Gaming With Stigma: Analysis of Messages About Mental Illnesses in Video Games.
|Title||Gaming With Stigma: Analysis of Messages About Mental Illnesses in Video Games.|
|Publication Type||Journal Article|
|Year of Publication||2019|
|Authors||Ferrari M, McIlwaine SV, Jordan G, Shah JL, Lal S, Iyer SN|
|Journal||JMIR Ment Health|
|Date Published||2019 May 08|
BACKGROUND: Video game playing is a daily activity for many youths that replaces other media forms (eg, television); it serves as an important source of knowledge and can potentially impact their attitudes and behaviors. Researchers are, thus, concerned with the impact of video gaming on youth (eg, for promoting prosocial or antisocial behavior). Studies have also begun to explore players' experience of gameplay and video game messages about violence, sexism, and racism; however, little is known about the impact of commercial video games in the sharing and shaping of knowledge, and messages about mental illness.OBJECTIVE: The aim of this review was to identify how mental illness, especially psychosis, is portrayed in commercial video games.METHODS: We performed keyword searches on games made available between January 2016 and June 2017 on Steam (a popular personal computer gaming platform). A total of 789 games were identified and reviewed to assess whether their game content was related to mental illness. At the end of the screening phase, a total of 100 games were retained.RESULTS: We used a game elements framework (characters, game environment/atmosphere, goals, etc) to describe and unpack messages about mental health and illness in video games. The majority of the games we reviewed (97%, 97/100) portrayed mental illness in negative, misleading, and problematic ways (associating it with violence, fear, insanity, hopelessness, etc). Furthermore, some games portrayed mental illness as manifestations or consequences of supernatural phenomena or paranormal experiences. Mental illness was associated with mystery, the unpredictable, and as an obscure illness; its treatment was also associated with uncertainties, as game characters with mental illness had to undergo experimental treatment to get better. Unfortunately, little or no hope for recovery was present in the identified video games, where mental illness was often presented as an ongoing struggle and an endless battle with the mind and oneself.CONCLUSIONS: The game elements of the identified commercial video games included mental illness, about which many perpetuated well-known stereotypes and prejudices. We discuss the key findings in relation to current evidence on the impact of media portrayals of mental illness and stigma. Furthermore, we reflect on the ability of serious video games to promote alternative messages about mental illness and clinical practices. Future research is needed to investigate the impact that such messages have on players and to explore the role that video games can play in fostering alternative messages to reduce the stigma associated with mental illness.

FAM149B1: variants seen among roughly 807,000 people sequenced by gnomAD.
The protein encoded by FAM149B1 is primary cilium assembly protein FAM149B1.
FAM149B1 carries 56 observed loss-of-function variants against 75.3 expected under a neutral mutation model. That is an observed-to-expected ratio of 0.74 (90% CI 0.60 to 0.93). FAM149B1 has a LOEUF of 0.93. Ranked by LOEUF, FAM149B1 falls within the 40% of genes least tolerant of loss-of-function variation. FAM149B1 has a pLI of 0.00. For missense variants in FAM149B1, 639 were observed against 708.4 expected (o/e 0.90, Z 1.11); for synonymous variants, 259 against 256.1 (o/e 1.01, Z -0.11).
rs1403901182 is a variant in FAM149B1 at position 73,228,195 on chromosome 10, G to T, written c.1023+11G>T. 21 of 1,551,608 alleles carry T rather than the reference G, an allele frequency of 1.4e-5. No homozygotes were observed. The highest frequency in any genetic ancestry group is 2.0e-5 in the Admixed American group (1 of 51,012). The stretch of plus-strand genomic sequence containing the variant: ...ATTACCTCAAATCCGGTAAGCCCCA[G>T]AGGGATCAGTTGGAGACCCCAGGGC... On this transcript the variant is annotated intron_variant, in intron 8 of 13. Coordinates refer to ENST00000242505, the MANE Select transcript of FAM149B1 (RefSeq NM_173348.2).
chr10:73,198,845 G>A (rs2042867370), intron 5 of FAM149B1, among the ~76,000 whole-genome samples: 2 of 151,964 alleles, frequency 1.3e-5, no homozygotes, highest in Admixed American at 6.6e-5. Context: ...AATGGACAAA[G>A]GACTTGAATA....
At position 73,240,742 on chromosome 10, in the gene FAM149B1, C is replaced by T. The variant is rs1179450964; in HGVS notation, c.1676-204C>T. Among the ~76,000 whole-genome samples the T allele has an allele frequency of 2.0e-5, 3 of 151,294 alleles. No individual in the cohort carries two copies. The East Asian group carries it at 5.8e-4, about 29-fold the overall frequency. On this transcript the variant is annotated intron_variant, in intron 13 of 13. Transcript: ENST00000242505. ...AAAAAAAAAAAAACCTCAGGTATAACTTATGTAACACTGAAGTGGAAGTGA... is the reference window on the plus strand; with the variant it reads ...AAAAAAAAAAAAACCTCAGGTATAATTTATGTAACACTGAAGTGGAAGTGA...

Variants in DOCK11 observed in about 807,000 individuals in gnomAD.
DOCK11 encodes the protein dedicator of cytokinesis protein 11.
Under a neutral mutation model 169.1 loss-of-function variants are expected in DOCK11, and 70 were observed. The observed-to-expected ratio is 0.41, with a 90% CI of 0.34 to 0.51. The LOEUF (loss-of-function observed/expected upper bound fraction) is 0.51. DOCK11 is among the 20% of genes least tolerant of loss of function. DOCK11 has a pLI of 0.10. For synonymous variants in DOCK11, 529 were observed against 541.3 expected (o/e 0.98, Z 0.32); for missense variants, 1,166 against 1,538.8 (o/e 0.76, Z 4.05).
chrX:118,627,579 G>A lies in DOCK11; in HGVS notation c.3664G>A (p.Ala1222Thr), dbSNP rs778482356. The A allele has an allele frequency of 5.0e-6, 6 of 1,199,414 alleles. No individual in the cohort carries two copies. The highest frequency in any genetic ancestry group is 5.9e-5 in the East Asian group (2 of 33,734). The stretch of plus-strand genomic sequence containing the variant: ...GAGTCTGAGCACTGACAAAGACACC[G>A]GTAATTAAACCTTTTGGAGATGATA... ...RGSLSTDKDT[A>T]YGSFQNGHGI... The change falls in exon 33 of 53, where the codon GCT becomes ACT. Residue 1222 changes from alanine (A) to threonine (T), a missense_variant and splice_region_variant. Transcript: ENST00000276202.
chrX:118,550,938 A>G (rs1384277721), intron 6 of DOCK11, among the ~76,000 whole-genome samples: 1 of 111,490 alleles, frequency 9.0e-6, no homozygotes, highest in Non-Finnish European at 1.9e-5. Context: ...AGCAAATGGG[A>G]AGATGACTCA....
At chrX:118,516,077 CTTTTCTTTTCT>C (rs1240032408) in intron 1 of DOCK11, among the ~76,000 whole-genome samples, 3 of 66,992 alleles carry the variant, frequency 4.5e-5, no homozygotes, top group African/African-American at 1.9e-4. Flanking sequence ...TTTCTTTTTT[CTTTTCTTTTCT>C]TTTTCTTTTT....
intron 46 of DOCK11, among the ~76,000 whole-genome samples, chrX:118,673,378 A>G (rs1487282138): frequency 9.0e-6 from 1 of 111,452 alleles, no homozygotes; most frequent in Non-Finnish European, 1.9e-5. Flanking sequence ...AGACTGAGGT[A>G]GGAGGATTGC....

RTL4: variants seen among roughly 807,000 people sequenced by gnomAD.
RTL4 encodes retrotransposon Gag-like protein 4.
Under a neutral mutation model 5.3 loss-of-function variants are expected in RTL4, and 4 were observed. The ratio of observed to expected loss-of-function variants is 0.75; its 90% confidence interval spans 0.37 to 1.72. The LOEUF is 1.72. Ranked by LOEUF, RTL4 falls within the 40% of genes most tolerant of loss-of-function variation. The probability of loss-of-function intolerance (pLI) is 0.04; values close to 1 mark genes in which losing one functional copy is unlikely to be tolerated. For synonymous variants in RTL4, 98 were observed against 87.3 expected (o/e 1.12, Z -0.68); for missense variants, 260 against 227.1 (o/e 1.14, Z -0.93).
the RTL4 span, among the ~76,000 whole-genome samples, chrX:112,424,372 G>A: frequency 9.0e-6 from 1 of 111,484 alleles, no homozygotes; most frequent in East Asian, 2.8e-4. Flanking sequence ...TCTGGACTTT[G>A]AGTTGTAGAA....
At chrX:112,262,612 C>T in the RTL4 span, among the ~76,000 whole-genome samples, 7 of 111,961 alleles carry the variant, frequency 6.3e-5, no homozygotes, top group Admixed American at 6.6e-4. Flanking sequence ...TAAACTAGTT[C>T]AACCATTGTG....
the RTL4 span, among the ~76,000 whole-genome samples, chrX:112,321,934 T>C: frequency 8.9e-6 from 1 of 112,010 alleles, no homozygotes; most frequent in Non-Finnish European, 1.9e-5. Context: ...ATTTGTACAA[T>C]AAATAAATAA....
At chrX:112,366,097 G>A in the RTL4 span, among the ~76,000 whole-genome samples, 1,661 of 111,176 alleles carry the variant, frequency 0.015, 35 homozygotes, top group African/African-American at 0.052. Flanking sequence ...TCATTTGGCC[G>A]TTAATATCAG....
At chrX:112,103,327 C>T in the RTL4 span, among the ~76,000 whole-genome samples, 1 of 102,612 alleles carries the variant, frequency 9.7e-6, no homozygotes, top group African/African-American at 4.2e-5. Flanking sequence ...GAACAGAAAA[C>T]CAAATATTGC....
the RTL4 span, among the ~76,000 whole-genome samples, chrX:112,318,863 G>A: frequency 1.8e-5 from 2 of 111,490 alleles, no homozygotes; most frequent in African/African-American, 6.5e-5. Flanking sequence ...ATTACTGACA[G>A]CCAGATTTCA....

|Alternate Journal||JMIR Ment Health|